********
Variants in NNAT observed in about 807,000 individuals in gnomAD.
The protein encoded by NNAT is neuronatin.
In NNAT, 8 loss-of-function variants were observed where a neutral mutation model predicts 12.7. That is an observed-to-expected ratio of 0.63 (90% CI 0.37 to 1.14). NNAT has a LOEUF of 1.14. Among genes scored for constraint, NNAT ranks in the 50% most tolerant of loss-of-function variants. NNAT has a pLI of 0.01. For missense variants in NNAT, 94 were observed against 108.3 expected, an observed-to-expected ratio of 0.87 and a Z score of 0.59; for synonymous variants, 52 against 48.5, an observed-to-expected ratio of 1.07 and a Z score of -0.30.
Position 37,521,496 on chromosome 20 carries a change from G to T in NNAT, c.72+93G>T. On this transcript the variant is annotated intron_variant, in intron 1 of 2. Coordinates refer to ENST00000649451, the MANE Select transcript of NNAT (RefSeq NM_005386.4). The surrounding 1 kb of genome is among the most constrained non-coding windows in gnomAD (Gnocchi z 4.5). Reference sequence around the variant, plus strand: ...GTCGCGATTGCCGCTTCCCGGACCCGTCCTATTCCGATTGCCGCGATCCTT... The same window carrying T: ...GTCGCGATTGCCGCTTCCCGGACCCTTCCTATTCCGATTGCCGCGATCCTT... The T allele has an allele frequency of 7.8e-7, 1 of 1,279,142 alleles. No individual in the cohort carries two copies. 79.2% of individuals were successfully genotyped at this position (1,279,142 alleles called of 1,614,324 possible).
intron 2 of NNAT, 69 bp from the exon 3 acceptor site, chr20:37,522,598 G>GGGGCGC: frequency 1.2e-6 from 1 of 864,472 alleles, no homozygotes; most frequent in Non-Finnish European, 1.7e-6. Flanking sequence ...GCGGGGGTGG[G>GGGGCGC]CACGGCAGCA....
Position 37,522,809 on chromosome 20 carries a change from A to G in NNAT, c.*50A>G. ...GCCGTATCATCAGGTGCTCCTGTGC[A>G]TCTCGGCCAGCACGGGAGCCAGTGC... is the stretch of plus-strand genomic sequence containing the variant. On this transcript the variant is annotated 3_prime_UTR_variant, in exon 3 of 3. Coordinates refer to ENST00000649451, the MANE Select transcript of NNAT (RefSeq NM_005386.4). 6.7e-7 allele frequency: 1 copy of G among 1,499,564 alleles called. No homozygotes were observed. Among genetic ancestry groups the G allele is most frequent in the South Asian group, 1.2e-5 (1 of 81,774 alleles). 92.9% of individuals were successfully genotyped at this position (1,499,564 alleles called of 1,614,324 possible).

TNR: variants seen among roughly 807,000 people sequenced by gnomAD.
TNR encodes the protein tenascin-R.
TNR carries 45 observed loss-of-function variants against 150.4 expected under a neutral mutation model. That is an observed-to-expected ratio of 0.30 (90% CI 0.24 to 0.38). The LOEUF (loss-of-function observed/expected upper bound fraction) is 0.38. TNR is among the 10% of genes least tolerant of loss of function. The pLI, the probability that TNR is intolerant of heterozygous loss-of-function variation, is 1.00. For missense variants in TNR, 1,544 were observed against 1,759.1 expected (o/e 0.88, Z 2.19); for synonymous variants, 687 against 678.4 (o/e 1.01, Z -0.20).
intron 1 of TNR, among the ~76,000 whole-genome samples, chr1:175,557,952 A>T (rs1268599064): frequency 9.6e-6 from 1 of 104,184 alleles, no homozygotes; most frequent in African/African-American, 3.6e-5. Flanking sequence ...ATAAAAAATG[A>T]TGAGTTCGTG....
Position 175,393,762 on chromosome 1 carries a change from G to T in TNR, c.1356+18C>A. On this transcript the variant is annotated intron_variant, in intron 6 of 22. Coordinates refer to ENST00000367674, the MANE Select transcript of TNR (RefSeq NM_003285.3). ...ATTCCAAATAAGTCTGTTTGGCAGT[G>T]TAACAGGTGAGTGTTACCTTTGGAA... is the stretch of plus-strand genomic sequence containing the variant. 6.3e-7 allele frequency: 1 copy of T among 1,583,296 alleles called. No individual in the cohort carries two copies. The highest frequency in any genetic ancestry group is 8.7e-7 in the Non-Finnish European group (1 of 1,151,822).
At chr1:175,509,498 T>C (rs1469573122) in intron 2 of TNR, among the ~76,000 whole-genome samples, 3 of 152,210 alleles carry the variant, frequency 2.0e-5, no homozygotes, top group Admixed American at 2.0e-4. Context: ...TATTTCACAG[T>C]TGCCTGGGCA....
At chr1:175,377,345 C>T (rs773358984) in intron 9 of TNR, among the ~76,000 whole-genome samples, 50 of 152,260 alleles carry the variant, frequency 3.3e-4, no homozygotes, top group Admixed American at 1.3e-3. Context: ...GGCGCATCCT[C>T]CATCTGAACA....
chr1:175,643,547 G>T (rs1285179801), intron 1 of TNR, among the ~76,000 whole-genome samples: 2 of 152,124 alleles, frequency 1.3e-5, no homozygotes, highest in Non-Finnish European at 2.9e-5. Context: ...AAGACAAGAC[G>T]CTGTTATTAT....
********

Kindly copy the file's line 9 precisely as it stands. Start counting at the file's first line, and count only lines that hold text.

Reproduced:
TNR carries 45 observed loss-of-function variants against 150.4 expected under a neutral mutation model. That is an observed-to-expected ratio of 0.30 (90% CI 0.24 to 0.38). The LOEUF (loss-of-function observed/expected upper bound fraction) is 0.38. TNR is among the 10% of genes least tolerant of loss of function. The pLI, the probability that TNR is intolerant of heterozygous loss-of-function variation, is 1.00. For missense variants in TNR, 1,544 were observed against 1,759.1 expected (o/e 0.88, Z 2.19); for synonymous variants, 687 against 678.4 (o/e 1.01, Z -0.20).